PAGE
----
Update on recent events, Thursday 20 October 2016

20 October 2016 | Story by Newsroom

20 October 2016

Dear colleagues and students

I want to update the campus on plans for today and the developments from yesterday in the context of yesterday's attempts at concluding negotiations with the protesting students.

Raised level of security

Regrettably, we are having to increase the presence and visibility of private security, the South African Police Service (SAPS) and Public Order Police (POP) from this morning, Thursday, 20 October.

This follows mounting aggression, vandalism and violence from the protesters:

  • Yesterday, two security guards were brutally attacked. One was beaten up by a group of protesters near the food court on upper campus (many of you will have seen the video footage). The other had a rock dropped on his head from an upper storey of the Steve Biko Student's Union building. It is reported that he is in hospital in a serious condition. The SAPS are investigating charges of assault with the intention of doing grievous bodily harm.
  • The day also saw the invasion of numerous buildings by groups of protesters; the intimidation of staff, who in many instances were forced out of their offices; fire alarms being triggered; and entrances blocked. The disruption in the New Engineering Building involved the threat of arson, with the protesters making it known that they were well aware of the dangerous chemicals contained in the labs there.
  • Workers were forced to leave residences and several bus drivers were threatened, resulting in many downing tools due to concerns for their safety.
  • There have also been observed and recorded incidents of excessive force, abuse or unprovoked harassment by security officers. We condemn this if and when it occurs and will investigate reported cases accordingly. But it is entirely inappropriate for students to take matters into their own hands against such excesses.

The POP and the SAPS remain thinly spread over other volatile Western Cape campuses and other trouble hotspots, which means that the level of support they can provide at UCT right now is insufficient to meet our security needs. For this reason, we have to rely more heavily on private security with backup from the SAPS and the POP.

I have authorised both the POP and private security to increase their presence, visibility and level of patrolling (with personnel protection vehicles) and, where necessary, to use personal-protection and crowd-dispersal equipment.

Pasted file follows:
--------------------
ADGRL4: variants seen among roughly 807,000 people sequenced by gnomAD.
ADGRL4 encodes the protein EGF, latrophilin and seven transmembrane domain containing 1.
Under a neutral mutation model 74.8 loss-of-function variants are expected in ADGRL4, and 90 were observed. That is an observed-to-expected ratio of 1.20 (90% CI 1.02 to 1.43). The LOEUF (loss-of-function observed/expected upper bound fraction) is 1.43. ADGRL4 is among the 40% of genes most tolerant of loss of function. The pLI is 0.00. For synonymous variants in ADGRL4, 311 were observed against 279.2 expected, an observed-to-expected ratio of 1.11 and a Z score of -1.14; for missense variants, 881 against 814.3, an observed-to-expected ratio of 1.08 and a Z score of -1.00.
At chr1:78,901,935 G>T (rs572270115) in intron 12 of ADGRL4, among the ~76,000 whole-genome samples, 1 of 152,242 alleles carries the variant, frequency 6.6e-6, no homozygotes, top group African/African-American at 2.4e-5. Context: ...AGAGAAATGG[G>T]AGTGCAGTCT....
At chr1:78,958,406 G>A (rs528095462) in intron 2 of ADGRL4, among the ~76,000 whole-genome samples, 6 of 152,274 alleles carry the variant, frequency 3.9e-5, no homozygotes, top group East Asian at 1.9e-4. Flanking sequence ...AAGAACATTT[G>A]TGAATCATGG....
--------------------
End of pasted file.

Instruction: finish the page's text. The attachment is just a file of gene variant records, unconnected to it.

We have urged all security personnel to be as restrained as possible under the circumstances. If anyone witnesses or experiences any abuses at the hands of security officers, this should be reported.

I realise that this is a very uncomfortable and awkward scenario for many on campus. However, I am also mindful of the many emails and other communications to me and my colleagues from staff and students who are calling for greater security, and who have had difficult and sometimes traumatic encounters with protesters without adequate protection from security personnel or police.

I don't need to remind you that these are not normal conditions or times. I urge staff and students to avoid conflict and provocation as far as possible, be it with protesters or with security, and to avoid becoming bystanders at sites of protest or conflict. These situations can escalate rapidly and the SAPS and security can often not distinguish protesters from peaceful bystanders, for example when dispersing a crowd.

Finally, we know that there are considerable numbers of protesters from outside UCT joining the disruptive activities. To make it easier for security to identify who might not be bona fide UCT members, I urge all students and staff to wear their ID cards around their necks.

Report on Wednesday, 19 October, engagement with protesting students

As I indicated in my VC Desk of Tuesday, 18 October, my door remains open to the prospect of negotiations.

On Wednesday, 19 October, in the early morning, the executive was approached by representatives of the SRC Candidates with a prospect of signing an agreement the same day. The agreement included returning to full classes from today, 20 October, if we could meet a number of preconditions for re-engaging the negotiations. (The negotiations have been stalled since Saturday, 15 October, when we announced that the university would open for blended learning on Monday, 17 October.) The SRC Candidates recognised that we were close to a negotiated agreement, the elements of which were shared in the VC Desk of Tuesday, 18 October.

The request to re-engage was impassioned and we felt that there was a renewed appreciation of the urgency of, and commitment to, getting back to class. The request came out of a plenary the night before, which had been observed by some non-student neutral parties, who urged us to take the opportunity seriously.

In the event, the discussions only got started at 17:00 and it then became clear that the negotiating team would still need to go back to get a mandate from their plenary. By midnight no answer was received – one can only presume that the plenary was unresolved.

I regret that my team and I misjudged the probability of a dramatic conclusion if we sacrificed another day. We are now back on course with the original plan and with the heightened security needed to safeguard staff, students, libraries and facilities.

I trust that the day will go smoothly and, of course, if student protesters wish to get back to full classes, we are keen to do so, but any engagement will have to be negotiated in parallel with continuing academic activities.


Dr Max Price

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